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NCJ Number: 69709 Find in a Library
Title: Perceptions of Punishment for Crime
Journal: Deviant Behavior  Volume:1  Issue:2  Dated:(January-March 1980)  Pages:193-215
Author(s): D F Hawkins
Date Published: 1980
Page Count: 23
Sponsoring Agency: University of North Carolina
Chapel Hill, NC 27514
Format: Article
Language: English
Country: United States of America
Annotation: A survey questionnaire administered to 662 North Carolina undergraduates is used to assess patterns of perceptions of punishment.
Abstract: The purpose of the study was to explore (1) an adequate measurement for consensus in the rating of crime seriousness, (2) the extent of agreement among college students in rating the seriousness of offenses, and (3) possible subgroup differences in ratings given. Rather than directly rating the seriousness of offenses, college students were asked to select what level of punishment should be administered to people involved in 25 criminal acts. Factor analysis was used to determine whether crimes fell into distinct groupings on the basis of punishment assigned. The results indicate that the highest punishment ratings were assigned to violent crimes against persons, the second highest to white-collar crimes, and the lowest ratings to juvenile offenses. To examine subgroup differences in punishment assignment, analysis of variance and multiple classification analysis techniques were used. The data suggest substantial racial diffences in rating 15 of the 25 individual offenses. Fewer racial differences are noted for crimes against persons than for crimes against property, especially white-collar crimes. Overall, blacks tend to assign more punishment than whites. Although few significant differences are seen in punishment assignment among categories of family income, the lowest income group (below $10,000) tends to be most punitive. The data support many of the findings of past studies, while bringing into question earlier research noting few subgroup differences in the perception of crime seriousness. The article is supported by detailed statistical tables. The crimes rated, the rating scale, and 18 references are included.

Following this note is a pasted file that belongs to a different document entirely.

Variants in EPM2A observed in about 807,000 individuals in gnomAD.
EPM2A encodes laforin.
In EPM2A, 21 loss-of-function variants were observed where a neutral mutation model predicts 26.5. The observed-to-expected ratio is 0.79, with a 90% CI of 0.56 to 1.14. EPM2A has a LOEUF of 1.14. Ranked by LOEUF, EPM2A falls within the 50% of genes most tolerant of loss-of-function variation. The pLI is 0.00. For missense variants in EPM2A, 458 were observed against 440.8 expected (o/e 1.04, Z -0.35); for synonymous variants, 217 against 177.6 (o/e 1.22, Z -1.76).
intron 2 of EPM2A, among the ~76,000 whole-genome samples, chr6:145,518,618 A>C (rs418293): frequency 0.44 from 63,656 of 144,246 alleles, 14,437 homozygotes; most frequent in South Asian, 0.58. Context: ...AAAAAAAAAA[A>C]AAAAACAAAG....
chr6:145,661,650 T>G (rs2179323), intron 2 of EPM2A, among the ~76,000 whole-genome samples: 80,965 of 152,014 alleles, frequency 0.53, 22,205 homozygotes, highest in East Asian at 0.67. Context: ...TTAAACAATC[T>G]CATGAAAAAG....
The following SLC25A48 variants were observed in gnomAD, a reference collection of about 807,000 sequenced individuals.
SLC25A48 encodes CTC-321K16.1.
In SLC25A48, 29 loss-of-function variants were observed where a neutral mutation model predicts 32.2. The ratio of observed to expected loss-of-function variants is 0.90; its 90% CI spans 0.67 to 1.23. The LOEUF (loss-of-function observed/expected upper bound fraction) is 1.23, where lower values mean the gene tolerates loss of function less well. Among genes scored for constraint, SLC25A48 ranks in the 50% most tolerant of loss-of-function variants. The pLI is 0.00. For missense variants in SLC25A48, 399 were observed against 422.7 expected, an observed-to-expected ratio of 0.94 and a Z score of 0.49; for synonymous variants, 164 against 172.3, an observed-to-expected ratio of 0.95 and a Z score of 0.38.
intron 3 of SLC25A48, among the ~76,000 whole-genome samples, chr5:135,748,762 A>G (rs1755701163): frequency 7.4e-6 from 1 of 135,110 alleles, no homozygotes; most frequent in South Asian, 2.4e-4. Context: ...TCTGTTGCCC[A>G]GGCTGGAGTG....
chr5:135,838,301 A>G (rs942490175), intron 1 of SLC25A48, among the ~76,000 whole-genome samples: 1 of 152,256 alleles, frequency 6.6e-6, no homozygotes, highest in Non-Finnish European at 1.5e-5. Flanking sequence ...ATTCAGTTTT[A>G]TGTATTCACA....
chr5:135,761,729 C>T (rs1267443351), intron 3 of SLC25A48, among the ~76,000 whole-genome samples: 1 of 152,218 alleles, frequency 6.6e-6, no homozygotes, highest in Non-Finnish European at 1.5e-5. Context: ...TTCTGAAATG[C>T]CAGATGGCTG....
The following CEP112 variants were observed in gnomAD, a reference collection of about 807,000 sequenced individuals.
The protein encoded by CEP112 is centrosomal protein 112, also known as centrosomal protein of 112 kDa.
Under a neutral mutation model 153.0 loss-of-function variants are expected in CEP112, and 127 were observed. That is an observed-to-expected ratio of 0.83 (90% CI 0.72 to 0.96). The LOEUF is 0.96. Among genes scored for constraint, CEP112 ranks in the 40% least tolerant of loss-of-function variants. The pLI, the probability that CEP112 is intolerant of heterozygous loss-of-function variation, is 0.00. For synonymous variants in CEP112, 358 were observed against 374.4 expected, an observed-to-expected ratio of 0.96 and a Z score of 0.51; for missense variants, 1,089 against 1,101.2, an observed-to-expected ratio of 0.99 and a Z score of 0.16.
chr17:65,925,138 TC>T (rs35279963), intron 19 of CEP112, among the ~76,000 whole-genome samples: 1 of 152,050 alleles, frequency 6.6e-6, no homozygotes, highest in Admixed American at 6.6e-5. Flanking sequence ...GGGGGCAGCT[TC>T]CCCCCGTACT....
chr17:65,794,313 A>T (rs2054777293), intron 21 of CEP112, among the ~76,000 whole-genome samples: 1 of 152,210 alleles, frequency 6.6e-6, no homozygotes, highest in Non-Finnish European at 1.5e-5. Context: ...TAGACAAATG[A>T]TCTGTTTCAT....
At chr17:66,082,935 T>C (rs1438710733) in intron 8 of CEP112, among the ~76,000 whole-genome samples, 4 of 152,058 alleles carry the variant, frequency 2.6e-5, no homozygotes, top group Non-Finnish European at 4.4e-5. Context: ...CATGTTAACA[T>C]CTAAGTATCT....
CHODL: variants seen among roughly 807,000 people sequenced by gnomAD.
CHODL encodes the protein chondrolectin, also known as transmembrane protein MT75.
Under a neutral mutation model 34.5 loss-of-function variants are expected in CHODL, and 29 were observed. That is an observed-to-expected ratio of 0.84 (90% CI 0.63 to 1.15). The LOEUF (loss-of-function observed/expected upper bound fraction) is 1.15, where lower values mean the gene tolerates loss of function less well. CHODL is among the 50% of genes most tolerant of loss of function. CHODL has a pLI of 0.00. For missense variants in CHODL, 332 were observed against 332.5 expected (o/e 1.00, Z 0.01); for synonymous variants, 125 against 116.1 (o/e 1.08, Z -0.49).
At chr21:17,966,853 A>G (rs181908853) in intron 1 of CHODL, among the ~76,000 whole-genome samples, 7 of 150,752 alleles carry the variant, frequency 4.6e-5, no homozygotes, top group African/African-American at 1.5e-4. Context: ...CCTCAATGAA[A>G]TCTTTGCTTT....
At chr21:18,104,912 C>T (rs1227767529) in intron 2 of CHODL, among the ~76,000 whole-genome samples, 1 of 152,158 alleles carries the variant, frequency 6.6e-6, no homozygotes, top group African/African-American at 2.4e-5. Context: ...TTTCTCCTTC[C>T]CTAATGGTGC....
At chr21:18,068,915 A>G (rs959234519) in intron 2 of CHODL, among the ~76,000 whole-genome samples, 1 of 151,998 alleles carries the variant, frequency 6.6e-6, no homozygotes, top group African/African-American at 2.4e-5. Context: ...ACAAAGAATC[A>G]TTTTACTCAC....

Index Term(s): Attitudes; Crime seriousness measures; Offense classification; Penalty severity rating; Perception; Students
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